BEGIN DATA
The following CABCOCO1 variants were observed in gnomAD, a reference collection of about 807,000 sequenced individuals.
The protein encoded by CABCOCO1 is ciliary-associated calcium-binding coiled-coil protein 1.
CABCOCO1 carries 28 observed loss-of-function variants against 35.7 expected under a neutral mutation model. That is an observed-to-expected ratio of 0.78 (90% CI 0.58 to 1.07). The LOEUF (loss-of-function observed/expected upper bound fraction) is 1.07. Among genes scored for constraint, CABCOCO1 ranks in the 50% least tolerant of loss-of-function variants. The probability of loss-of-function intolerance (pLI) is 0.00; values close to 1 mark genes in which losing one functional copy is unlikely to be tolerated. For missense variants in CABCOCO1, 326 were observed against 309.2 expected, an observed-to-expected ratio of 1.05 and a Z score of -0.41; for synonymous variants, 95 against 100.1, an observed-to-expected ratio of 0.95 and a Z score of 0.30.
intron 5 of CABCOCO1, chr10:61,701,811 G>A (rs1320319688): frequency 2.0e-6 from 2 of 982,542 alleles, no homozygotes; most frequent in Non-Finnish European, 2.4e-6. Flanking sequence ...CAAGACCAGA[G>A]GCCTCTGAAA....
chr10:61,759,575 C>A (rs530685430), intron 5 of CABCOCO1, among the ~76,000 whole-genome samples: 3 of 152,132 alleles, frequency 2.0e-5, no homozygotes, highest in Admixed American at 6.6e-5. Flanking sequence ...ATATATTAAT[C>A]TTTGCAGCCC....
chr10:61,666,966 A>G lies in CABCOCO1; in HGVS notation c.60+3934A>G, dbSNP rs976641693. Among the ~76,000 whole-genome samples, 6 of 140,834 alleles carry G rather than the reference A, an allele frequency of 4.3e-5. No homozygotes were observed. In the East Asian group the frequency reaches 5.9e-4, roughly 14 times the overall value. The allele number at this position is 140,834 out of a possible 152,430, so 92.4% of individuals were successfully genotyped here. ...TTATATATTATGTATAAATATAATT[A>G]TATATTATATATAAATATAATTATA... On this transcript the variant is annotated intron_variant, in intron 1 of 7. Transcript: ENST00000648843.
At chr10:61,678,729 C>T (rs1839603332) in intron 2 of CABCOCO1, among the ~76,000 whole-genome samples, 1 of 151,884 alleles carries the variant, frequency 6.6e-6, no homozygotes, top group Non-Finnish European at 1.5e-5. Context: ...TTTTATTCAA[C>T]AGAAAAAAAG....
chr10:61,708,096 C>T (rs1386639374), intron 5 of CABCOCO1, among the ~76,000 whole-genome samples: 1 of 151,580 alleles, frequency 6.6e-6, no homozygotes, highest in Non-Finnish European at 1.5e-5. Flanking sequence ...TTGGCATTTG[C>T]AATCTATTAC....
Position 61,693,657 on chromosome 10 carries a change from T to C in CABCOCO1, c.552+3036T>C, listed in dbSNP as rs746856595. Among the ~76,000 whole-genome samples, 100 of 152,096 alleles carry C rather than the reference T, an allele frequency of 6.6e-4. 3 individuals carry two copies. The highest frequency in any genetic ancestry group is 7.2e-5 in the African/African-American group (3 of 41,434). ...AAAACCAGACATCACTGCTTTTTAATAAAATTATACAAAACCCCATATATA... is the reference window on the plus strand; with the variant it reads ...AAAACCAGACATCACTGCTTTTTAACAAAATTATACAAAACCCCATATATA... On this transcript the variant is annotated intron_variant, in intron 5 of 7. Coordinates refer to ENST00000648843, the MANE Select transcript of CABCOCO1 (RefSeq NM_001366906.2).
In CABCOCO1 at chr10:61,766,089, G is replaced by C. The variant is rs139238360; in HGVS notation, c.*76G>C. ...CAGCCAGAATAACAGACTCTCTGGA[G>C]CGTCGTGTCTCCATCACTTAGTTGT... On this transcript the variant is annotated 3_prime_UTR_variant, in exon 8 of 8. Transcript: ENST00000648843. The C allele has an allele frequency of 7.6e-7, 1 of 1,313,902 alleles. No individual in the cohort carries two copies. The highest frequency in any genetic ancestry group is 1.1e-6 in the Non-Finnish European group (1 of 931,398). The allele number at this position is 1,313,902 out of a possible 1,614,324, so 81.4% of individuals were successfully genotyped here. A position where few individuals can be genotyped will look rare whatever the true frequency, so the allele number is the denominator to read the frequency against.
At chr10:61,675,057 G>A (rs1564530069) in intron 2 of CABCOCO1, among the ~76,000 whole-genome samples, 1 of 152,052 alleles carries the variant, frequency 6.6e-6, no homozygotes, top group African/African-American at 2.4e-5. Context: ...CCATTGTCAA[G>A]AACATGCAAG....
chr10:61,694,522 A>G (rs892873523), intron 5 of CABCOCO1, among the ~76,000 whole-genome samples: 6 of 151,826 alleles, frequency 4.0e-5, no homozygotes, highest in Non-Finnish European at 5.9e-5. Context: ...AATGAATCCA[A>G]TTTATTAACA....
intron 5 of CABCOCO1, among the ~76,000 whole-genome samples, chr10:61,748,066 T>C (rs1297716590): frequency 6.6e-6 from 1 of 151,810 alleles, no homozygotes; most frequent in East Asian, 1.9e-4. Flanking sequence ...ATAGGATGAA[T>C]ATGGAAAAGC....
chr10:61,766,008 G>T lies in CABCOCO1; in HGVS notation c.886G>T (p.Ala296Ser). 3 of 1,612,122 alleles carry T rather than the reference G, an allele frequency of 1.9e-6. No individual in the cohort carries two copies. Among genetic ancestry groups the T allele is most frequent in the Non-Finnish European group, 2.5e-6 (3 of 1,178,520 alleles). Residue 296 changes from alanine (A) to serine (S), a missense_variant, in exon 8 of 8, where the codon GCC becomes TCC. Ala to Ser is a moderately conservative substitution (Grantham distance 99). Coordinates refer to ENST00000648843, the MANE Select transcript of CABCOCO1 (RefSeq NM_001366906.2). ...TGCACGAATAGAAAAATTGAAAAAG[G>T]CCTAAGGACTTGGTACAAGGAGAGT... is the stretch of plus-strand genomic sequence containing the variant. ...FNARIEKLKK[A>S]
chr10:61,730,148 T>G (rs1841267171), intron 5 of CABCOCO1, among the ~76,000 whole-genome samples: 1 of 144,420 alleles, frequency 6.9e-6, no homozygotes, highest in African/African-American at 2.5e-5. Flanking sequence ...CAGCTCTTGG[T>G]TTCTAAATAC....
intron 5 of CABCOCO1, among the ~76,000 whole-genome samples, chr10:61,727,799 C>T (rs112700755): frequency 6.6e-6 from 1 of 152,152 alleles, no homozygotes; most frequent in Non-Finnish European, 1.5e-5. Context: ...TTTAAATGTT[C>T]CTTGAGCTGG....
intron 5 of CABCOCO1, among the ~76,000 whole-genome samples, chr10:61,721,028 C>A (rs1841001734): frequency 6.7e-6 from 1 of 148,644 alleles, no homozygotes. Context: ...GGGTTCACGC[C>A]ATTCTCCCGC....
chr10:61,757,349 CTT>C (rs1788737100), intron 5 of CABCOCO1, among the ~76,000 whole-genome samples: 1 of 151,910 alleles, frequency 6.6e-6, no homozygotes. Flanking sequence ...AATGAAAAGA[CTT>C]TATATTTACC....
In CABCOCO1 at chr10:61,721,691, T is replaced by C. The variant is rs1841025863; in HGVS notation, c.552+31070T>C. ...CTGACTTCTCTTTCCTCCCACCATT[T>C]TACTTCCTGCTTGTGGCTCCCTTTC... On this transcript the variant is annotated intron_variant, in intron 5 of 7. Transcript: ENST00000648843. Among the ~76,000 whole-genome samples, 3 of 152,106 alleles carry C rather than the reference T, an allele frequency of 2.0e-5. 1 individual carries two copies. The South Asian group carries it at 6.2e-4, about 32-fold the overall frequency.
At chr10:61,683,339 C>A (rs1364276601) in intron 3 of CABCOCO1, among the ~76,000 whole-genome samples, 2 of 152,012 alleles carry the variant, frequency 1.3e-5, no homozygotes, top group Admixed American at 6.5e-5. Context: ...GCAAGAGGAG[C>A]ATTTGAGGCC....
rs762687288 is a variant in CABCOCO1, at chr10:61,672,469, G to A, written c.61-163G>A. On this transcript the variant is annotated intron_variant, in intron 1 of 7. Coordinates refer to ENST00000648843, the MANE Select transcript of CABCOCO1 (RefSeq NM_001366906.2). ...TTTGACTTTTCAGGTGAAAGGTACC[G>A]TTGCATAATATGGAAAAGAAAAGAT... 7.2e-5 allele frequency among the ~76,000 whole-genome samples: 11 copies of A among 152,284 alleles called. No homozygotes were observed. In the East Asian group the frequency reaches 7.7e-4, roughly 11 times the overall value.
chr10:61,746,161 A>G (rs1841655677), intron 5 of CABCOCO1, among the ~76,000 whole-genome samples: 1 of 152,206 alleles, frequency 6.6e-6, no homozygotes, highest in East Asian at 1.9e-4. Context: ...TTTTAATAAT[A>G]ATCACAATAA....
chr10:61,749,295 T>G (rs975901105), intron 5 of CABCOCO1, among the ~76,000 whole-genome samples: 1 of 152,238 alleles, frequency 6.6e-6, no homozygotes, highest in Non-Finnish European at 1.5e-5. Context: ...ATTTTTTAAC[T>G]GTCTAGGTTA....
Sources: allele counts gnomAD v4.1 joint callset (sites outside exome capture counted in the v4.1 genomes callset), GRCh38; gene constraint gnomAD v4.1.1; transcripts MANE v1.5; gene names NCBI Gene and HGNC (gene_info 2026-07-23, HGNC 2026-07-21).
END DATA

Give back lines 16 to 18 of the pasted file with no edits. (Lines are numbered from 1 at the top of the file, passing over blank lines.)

intron 5 of CABCOCO1, among the ~76,000 whole-genome samples, chr10:61,727,799 C>T (rs112700755): frequency 6.6e-6 from 1 of 152,152 alleles, no homozygotes; most frequent in Non-Finnish European, 1.5e-5. Context: ...TTTAAATGTT[C>T]CTTGAGCTGG....
intron 5 of CABCOCO1, among the ~76,000 whole-genome samples, chr10:61,721,028 C>A (rs1841001734): frequency 6.7e-6 from 1 of 148,644 alleles, no homozygotes. Context: ...GGGTTCACGC[C>A]ATTCTCCCGC....
chr10:61,757,349 CTT>C (rs1788737100), intron 5 of CABCOCO1, among the ~76,000 whole-genome samples: 1 of 151,910 alleles, frequency 6.6e-6, no homozygotes. Flanking sequence ...AATGAAAAGA[CTT>C]TATATTTACC....